Monday, September 18, 2017

Adapting to Chaos

A post by Mary Fan
Every writer and aspiring writer has, at some point or another, seen some inspiring article/meme about the humble origins of successful authors—tallying up the rejections received for famous books, describing how these authors had to slum it before being showered with riches, etc. They’re meant to encourage: “Hey, even [famous author] struggled, but look how awesome things turned out! You can do it too!” Lots of successful authors add to this sea of inspo by humblebragging about their journeys, “10 years ago, I was poor and depressed. Look at me now! I’m a New York Times bestseller with a movie deal! Yay me! If you work hard, you can be me too!”

While well-intentioned, these inspiration stories have… something of a dark side. Underneath them all, there’s an unspoken message: “If you’re good, you’ll get discovered.” And underneath that, there’s the flip side: “If you’re not getting discovered, you’re no good.” The latter thought is an insidious demon that crawls into your subconscious after reading story upon story of relentless authors who find success and wondering why, even when you’ve done everything they’ve done, you still haven’t reached their level of success/fame/whatever.

We like to believe that publishing is a meritocracy where talent is discovered and the cream rises to the top, but the fact is, any creative enterprise is bound to be highly subjective. Which means it’s also highly chaotic. Random. Who decides what’s good? Who decides what’s worthy?

While there’s certainly a baseline of work every writer needs to do – learning the basics of storytelling etc., whether through courses or by reading a lot – publishing is ultimately one giant game of chance. You can do everything right and still wind up with no deal. Last week, writer Anjali Enjeti wrote about her own publishing woes in The Atlantic (“Why I’m Still Trying to Get a Book Deal After 10 Years”). Now here was a writer who did it all – attended conferences, got an MFA, etc. And her talent was recognized – she twice landed agents, and her articles have been featured in prestigious publications. Yet no publisher would pick up her books.

Suffice it to say, her story is thoroughly depressing for most writers. Yet, I found it weirdly reassuring, since it said to me, “If your books aren’t selling, it’s not necessarily because they aren’t good.” It reminded me that being “good” and being “successful” are two different things (what is “successful” anyway?). And by the end of the article, Enjeti has made peace with herself, accepting the randomness and finding balance.

I suspect that her story is far, far more common than those of the J.K. Rowlingses. And it needs to be told more, and by more people. Even though it’s not fashionable to talk about one’s lack of success (particularly since it draws a spotlight to said lacking). But it demonstrates just how chaotic the publishing process is, how little relationship there is between merit and reward. Some people crank out their first novel in a few weeks just for the heck of it, then land a publishing deal right away and find themselves on bestseller lists. Others spend years and years on a novel, conscientiously crafting a thing of beauty, and yet it never sees the light of day. Two authors with similar books published at similar times can put in the same amount of marketing effort, yet one will go viral and the other will languish in obscurity. There is no fairness in any of it.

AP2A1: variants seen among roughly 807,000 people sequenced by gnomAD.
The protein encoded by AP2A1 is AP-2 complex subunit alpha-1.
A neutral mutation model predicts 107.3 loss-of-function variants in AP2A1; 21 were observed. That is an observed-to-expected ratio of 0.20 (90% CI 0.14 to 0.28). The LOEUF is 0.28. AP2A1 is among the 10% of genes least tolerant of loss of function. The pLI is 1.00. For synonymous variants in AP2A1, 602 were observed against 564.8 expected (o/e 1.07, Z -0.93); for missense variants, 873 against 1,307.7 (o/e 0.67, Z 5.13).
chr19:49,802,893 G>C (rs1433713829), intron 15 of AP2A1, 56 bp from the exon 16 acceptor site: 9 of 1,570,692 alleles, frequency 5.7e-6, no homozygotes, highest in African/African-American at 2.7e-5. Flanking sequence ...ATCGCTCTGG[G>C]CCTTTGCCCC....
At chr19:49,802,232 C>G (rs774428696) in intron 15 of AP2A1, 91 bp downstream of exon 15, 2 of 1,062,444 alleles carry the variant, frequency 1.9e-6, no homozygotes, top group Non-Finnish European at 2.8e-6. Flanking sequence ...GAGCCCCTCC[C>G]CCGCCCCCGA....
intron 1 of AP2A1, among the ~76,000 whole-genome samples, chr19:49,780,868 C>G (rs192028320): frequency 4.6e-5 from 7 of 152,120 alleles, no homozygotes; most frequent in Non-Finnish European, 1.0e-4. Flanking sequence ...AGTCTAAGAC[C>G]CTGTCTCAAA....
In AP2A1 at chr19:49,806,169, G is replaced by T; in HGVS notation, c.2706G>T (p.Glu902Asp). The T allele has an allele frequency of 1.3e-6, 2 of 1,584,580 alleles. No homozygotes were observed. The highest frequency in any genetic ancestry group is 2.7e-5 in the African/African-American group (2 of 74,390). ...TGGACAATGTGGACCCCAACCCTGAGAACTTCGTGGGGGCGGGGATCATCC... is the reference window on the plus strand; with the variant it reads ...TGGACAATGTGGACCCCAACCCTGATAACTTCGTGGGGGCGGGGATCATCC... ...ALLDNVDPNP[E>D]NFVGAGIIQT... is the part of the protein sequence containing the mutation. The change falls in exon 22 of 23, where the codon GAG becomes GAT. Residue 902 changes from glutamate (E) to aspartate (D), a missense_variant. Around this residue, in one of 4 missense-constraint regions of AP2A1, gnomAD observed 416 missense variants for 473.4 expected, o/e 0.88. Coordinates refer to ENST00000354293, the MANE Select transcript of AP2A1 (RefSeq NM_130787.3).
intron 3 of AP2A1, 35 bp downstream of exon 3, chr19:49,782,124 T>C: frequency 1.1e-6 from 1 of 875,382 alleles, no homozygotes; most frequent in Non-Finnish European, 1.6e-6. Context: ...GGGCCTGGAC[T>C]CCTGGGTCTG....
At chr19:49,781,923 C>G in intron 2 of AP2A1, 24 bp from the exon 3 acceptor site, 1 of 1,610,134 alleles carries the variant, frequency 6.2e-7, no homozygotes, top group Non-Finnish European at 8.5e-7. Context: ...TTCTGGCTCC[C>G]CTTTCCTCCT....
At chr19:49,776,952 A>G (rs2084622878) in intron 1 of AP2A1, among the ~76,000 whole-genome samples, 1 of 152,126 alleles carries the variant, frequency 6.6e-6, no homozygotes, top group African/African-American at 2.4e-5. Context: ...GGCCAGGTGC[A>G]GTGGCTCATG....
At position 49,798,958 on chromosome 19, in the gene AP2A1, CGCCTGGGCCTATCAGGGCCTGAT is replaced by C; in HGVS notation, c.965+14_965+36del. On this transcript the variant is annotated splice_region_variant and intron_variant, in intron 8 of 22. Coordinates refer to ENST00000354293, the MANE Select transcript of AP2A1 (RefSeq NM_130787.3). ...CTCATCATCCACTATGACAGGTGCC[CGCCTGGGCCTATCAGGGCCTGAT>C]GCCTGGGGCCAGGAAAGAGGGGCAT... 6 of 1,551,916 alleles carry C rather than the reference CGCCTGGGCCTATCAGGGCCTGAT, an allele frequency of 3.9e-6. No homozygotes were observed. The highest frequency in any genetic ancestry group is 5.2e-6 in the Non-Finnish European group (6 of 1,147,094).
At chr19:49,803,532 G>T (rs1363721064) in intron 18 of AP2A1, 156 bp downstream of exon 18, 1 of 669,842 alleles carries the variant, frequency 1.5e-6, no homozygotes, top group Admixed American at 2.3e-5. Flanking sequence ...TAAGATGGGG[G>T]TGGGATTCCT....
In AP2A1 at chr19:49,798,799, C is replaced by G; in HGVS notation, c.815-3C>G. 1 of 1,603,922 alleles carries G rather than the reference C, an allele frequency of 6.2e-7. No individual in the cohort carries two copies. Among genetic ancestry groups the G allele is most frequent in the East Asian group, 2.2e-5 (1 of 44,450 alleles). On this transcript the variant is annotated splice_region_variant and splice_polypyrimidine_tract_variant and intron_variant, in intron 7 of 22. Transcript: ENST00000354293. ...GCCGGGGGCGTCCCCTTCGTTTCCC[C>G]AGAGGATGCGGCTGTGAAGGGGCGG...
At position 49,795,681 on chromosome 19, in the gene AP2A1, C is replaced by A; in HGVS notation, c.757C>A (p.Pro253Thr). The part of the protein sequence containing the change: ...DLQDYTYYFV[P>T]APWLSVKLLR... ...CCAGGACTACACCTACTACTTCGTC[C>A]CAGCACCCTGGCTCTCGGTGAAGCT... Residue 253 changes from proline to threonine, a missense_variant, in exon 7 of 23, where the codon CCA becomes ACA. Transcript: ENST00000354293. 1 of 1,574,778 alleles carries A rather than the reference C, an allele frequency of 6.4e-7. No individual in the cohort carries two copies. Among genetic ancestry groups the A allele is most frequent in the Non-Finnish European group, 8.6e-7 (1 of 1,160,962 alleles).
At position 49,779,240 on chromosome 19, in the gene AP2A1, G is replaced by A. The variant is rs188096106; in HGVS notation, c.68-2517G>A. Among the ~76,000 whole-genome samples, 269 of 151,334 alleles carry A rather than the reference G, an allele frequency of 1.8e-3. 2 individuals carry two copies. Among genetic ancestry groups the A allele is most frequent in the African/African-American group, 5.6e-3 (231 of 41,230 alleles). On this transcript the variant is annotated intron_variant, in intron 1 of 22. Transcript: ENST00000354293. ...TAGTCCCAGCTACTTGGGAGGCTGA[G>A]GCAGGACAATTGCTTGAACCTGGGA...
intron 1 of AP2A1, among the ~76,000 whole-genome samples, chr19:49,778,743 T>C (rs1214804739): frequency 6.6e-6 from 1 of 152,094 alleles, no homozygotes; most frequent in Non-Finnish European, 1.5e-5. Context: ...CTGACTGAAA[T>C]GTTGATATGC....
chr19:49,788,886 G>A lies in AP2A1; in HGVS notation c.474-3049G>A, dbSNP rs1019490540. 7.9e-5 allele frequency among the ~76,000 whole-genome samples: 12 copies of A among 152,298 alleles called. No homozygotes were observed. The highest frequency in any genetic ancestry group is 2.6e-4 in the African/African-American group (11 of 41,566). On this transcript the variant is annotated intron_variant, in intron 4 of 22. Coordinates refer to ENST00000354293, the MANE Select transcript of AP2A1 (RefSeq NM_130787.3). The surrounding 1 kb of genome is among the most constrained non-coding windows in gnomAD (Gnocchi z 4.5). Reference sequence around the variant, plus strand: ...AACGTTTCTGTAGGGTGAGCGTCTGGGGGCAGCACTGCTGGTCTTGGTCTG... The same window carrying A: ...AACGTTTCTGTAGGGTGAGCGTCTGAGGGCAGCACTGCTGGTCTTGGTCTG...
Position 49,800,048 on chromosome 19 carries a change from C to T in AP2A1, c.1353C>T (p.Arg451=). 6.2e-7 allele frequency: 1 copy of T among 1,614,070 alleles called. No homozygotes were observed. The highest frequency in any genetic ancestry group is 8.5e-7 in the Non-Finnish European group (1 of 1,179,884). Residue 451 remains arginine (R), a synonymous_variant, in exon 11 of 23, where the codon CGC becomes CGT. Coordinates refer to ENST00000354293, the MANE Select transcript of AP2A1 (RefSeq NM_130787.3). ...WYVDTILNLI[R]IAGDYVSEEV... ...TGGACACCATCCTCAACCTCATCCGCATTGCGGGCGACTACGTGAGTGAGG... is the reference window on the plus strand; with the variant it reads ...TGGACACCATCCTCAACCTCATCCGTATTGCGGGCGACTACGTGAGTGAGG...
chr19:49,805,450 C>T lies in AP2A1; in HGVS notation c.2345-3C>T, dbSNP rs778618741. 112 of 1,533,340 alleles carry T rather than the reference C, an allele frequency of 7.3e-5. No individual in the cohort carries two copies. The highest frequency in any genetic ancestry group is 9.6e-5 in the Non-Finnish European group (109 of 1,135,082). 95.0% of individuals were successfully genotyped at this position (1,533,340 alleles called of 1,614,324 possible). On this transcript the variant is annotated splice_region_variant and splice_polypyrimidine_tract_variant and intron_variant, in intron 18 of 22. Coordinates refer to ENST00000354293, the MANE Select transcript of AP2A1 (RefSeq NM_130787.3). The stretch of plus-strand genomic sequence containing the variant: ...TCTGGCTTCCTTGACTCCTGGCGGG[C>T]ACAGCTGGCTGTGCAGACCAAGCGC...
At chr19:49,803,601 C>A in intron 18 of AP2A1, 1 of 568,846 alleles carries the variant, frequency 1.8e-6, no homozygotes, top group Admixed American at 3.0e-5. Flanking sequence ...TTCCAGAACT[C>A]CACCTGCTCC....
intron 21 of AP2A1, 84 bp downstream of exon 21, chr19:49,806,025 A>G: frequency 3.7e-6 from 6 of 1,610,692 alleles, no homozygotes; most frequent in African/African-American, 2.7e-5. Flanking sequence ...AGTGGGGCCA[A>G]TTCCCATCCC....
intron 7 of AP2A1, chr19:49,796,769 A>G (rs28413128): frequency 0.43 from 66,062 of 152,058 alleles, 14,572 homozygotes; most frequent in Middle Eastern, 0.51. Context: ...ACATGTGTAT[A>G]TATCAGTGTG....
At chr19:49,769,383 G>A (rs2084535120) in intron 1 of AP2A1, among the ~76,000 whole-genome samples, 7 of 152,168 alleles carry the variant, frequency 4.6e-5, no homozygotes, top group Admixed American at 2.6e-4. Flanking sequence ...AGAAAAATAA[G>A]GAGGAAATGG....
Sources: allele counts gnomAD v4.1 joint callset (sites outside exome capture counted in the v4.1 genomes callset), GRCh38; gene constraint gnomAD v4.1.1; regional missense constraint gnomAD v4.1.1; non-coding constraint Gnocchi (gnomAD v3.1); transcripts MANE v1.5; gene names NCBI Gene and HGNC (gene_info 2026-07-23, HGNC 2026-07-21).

What can we do but adapt to the chaos? Accept the randomness of publishing as part of the deal we made with our muses when we decided to become writers. Know that apart from the writing of the book itself, almost nothing is in your control. Some people will find that discouraging. Personally, I find it comforting.

It's fun to fantasize about one day getting to humblebrag on social media about how "X years ago, I had all these rejections, but look at me now! I'm a fabulous bestseller!" But what if that day never comes? Does that mean you were never good enough to deserve what those other writers have? I don't think so. Randomness is a powerful force, after all. As for whether all that work was worth it... well, that depends on your own definition of worth.


Brenda St John Brown said...

Such a great post and so very true! I think measuring "success" as a writer is so difficult b/c it's tied up in expectations. And then you get to the question of whose expectations, exactly? And who said you had to meet them anyway? But then what if you want to? Is that "selling out"? Because that's a whole different argument...writing commercially successful fiction isn't well-regarded in some circles, and if those are the circles you spend time in...It makes my head spin, but I've spent so much time thinking about everything you've said here. Just, obviously, my thoughts are not nearly as eloquent. :)

Kimberly G. Giarratano said...

Excellent post, Mary. I think the best part of publishing today is that we can choose to publish ourselves and (I hate using this quote) "let the free market decide." I think writers need to define what legitimacy is to them. Do they feel legitimized by a trad deal? Or are they content with a fanbase of their own making?

Mary Fan said...

Thanks for reading! And yup - everyone has different definitions of success

Mary Fan said...

Yes, exactly!

Cheryl Oreglia said...

Mary, this is such an important post. Thank you. Writing is such a isolating activity and you never know how a piece will be received, if your novel will be picked up, or your blog noticed. I thought by now I would have accomplished so much more with my writing but I'm kind of floating in the same place. I appreciate your argument, sort of gives me the nudge to keep going, if only for the love of writing.

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